Wednesday, June 1, 2011

Mundane Art

So, I have about 3-4 posts lined up to follow up my last one, but after the events of last weekend, I wanted to make a little bit of a detour to talk about my writing process a little bit, because people seemed to be curious.

Last Saturday, at the invitation of my friend John Herman (real name, not a pseudonym: as a general note if I'm involving last names I'm usually using someone's real name, unless otherwise noted), I took part in a project that's probably the closest I'm ever going to get to performance art.  In literal terms, with the help of Google Documents, I and 22 other writers and an illustrator wrote a novel in 24 hours, all the while broadcasting live both on the web and in a gallery in New Jersey that sponsored the event.  In a way, the experience was very ordinary for me, but in many other ways (and I hope this doesn't sound too clichĂ©) it was both extraordinary and unique.  It made me realize a lot of things about my writing process, which I am going to attempt to rectify here in this post.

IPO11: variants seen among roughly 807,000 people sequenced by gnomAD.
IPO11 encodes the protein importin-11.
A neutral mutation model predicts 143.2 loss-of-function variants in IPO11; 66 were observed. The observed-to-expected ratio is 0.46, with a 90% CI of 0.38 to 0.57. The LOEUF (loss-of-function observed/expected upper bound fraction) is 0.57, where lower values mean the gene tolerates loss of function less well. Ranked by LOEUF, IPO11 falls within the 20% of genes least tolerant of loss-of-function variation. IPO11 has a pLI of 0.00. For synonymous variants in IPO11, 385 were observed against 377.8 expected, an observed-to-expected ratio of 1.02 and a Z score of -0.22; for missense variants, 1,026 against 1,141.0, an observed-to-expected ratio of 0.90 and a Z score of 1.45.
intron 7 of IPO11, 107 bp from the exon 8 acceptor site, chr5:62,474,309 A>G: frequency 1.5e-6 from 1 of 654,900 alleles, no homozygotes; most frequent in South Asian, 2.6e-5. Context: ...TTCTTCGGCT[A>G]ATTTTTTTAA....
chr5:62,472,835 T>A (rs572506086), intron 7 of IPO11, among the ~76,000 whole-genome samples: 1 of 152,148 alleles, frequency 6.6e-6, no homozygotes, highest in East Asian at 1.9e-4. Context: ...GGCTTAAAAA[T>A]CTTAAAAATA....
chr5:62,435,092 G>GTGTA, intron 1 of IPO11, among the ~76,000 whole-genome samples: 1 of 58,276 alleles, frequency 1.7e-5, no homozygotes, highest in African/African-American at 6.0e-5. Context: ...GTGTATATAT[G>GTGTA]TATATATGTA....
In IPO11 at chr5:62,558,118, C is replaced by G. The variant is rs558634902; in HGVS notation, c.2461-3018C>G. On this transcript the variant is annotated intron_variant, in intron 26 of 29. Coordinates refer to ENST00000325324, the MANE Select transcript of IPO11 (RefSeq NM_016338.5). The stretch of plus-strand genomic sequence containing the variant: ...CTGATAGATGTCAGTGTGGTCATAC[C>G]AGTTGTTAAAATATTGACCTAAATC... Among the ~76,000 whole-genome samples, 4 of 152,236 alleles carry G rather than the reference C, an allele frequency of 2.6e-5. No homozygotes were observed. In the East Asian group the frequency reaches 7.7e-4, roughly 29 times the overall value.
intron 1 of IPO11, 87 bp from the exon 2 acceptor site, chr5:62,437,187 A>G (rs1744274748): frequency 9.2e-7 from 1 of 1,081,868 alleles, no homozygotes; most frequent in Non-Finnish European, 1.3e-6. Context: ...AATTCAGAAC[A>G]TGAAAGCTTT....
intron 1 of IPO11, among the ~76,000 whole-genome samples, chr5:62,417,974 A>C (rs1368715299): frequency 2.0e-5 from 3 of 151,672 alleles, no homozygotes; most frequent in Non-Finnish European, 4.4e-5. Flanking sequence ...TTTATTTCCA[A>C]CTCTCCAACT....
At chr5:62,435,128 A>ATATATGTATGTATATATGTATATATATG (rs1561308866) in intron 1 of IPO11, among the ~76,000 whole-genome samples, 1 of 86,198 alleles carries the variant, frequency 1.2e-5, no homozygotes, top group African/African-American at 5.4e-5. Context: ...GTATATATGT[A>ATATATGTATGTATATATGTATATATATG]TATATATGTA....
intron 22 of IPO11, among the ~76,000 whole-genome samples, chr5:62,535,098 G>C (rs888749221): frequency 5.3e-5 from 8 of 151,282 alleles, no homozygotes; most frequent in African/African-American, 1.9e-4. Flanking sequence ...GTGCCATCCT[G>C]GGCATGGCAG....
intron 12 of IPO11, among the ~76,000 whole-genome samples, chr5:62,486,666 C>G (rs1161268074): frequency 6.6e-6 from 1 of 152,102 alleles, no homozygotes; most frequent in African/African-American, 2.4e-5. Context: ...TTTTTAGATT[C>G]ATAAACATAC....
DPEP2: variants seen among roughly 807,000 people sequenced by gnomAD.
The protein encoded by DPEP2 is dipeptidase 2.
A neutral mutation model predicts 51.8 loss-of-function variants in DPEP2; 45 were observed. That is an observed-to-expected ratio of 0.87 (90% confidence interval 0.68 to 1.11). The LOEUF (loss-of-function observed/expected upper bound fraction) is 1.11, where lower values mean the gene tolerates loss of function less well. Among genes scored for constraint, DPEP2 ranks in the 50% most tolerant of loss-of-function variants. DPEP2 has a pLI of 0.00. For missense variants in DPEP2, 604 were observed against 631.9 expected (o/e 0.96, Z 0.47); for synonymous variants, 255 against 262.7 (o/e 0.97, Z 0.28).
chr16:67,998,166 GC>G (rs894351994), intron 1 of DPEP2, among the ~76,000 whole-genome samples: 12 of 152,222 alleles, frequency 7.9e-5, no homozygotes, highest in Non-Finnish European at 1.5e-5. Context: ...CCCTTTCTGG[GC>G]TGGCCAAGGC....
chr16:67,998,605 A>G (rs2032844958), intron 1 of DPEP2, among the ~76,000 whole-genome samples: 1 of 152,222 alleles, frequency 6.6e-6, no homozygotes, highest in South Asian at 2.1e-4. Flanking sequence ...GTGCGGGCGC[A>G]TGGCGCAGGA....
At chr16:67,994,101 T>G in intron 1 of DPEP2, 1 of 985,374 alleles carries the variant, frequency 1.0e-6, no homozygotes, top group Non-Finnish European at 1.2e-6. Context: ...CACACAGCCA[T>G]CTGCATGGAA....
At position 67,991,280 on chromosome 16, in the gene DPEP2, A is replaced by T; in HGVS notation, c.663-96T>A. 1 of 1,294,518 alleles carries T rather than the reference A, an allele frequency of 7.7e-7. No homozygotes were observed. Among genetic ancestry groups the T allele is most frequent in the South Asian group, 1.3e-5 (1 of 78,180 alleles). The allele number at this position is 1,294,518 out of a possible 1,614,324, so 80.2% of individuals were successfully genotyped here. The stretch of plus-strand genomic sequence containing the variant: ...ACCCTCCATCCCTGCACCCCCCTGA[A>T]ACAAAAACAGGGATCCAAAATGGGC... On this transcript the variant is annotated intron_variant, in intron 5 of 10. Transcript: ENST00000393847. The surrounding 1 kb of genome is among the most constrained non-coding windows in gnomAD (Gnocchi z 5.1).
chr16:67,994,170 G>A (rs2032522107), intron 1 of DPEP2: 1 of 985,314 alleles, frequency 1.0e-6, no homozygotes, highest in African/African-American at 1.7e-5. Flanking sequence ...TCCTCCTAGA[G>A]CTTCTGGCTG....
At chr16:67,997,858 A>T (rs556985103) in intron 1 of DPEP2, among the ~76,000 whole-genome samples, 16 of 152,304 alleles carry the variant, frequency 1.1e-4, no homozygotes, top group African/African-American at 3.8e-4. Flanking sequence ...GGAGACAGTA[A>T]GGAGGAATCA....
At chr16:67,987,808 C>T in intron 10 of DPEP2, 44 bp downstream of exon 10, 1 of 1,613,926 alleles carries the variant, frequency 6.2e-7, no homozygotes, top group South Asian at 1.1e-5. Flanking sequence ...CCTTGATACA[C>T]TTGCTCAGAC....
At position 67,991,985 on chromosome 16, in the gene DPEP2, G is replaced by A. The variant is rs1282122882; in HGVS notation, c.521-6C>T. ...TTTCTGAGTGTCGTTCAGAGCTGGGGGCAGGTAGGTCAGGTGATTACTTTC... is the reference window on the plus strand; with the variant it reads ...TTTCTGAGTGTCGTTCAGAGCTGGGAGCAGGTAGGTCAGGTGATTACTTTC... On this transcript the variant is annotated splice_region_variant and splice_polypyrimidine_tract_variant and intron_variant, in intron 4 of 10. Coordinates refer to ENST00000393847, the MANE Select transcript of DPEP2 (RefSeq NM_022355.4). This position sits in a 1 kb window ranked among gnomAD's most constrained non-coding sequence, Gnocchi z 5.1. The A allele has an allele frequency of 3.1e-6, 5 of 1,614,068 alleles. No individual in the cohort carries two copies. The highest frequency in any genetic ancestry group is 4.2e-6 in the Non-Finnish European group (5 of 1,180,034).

The short answer to the question "What is my process?" is that it is quick, intense, and runs on a combination of jealousy, dread, and self-discipline.  I am part of a local writing group of about 30 or so regulars (of which John is one of our co-chairs), and one of the most frequent subjects at our get-togethers has to do with how much and how often we write.  On a typical day, I will write between 2000 and 4000 words over the course of about 3-4 hours in the morning, usually at a rate of about 1000 words an hour, though sometimes that can almost double, and sometimes it only goes about half that speed.  The highest single-day word count I've ever achieved is about 9100, and the greatest weekly word count I've achieved is about 50,000.  On Saturday I wrote about 8500 words after receiving a very brief outline and character description at midnight the night before, which is a typical length when I'm on a deadline.  Generally speaking, on first drafts, I'm more concerned with working efficiently and getting the story down on paper than I am the details, though that's more of a guideline than it is a universal doctrine.  I've had first drafts take me as few as eight days, and as many as eighty.  This apparently flabbergasts many of my friends in the group, and they want to know how I do it.  I'd like to say this comes about through the power of positive thinking, but that would be a lie.  Generally speaking, the better I feel about a story, the less that gets done.  My claim to fame was that I wrote a 320,000-word trilogy in a summer.  What nobody knows about that feat was that the whole reason I wrote it that quickly was to try and beat the TV show Dollhouse to the air, which I was convinced had ripped off my idea (and, to be perfectly honest, helped in principle to inspire it just a little bit once the story got going).  The first book of that became known as THE WONDERS AT YOUR FEET, my first published novel (the second, OVERFLY, was written in collaboration with John Herman's 24 Hour Novel Project last weekend).  I like deadlines with real consequences: they get me to work more efficiently.